Sitting there at the Harvey kitchen table, surrounded by familiar framed photos and glass ingredient jars and the Viking range she loved to look at if not necessarily use regularly, Sheila laughed bitterly. Everyone else had been wrong and she had been correct: This can’t be right. I don’t believe it.
Maybe every wife says that when her husband commits suicide, but in my case…
She shook her head. No, no, no, no, no, no, no.
The shaking made her feel better, as though she could dislodge all the barbed and stinging thoughts from inside her skull and fling them out and away through the apertures in her ears.
He’d been gone almost three months. Each day in the interim she’d relived the awful moment when she found his note. And each day Sheila would re-read the note, every word, carefully, simultaneously torturing and comforting herself, as though peeking into a lover’s diary. She thought she probably had the damned thing memorized by now.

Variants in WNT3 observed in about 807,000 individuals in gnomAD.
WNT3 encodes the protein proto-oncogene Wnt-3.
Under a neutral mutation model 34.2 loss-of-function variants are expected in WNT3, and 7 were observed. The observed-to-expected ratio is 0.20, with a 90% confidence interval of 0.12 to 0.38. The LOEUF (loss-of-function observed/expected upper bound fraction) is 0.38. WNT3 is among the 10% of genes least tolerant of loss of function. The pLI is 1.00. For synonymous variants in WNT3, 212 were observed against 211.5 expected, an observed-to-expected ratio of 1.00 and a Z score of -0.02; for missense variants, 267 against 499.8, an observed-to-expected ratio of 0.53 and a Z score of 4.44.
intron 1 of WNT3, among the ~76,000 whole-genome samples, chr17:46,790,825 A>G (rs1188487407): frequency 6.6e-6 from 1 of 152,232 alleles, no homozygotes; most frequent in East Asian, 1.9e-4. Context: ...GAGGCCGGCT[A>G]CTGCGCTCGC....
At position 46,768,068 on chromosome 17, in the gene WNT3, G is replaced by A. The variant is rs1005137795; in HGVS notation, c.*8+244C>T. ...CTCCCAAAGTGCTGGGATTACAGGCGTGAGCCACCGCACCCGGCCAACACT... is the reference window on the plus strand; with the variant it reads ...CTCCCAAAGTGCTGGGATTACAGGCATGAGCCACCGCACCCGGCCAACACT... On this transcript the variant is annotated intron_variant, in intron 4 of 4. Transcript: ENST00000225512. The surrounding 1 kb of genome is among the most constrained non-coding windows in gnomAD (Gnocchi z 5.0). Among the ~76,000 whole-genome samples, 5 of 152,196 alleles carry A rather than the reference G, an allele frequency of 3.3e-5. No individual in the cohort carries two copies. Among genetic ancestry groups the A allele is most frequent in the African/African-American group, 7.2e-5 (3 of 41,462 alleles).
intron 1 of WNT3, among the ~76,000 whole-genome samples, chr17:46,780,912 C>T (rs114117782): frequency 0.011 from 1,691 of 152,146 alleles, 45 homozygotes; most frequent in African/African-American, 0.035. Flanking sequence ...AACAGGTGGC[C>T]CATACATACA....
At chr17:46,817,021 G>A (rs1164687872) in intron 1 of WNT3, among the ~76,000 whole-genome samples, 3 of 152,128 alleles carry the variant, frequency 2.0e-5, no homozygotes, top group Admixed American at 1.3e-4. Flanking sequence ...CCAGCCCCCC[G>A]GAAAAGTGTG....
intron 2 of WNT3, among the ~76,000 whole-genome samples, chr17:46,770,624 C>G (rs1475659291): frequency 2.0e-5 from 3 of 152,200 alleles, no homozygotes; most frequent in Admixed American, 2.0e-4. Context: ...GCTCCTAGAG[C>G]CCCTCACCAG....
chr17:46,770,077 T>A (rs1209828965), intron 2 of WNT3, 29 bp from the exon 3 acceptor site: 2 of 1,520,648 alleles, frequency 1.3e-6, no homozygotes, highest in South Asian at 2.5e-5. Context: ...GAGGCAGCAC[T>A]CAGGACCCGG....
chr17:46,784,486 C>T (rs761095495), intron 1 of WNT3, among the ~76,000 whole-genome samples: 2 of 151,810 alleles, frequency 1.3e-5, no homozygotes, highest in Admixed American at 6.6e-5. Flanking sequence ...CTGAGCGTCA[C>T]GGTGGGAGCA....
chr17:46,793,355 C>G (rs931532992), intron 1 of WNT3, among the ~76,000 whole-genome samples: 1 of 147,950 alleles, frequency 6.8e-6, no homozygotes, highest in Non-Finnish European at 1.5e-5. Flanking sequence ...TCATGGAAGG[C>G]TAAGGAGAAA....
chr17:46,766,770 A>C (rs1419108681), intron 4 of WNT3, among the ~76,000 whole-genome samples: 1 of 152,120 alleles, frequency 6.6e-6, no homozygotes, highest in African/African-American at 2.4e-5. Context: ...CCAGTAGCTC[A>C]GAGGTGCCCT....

Sheila wanted to read the investigator’s report once more.
But before she did, just to make sure everything finally made some sort of sense, that one thing might explain the other, Sheila went to the drawer beside the range where she kept Pete Harvey Jr.’s suicide note, pulled it out, and contemplated her options: burn it or read it again. Read it first and then burn it? Frame it?
She wasn’t sure what she wanted. But she began reading. She couldn’t stop herself. The words were the same as they were the first 100 times, but now they meant something else.
My Dearest She-She,
I am sorry. Really sorry.
It’s not you and it’s not the kids it’s me. I’m sick in the head and I’ve got to make it stop. I realized I can’t be happy living like this. I tried. I really tried She. But you know I’m not much good at anything and I could not ever live up to what everyone expected of me including me myself. Big disappointment that’s me. I AM SORRY.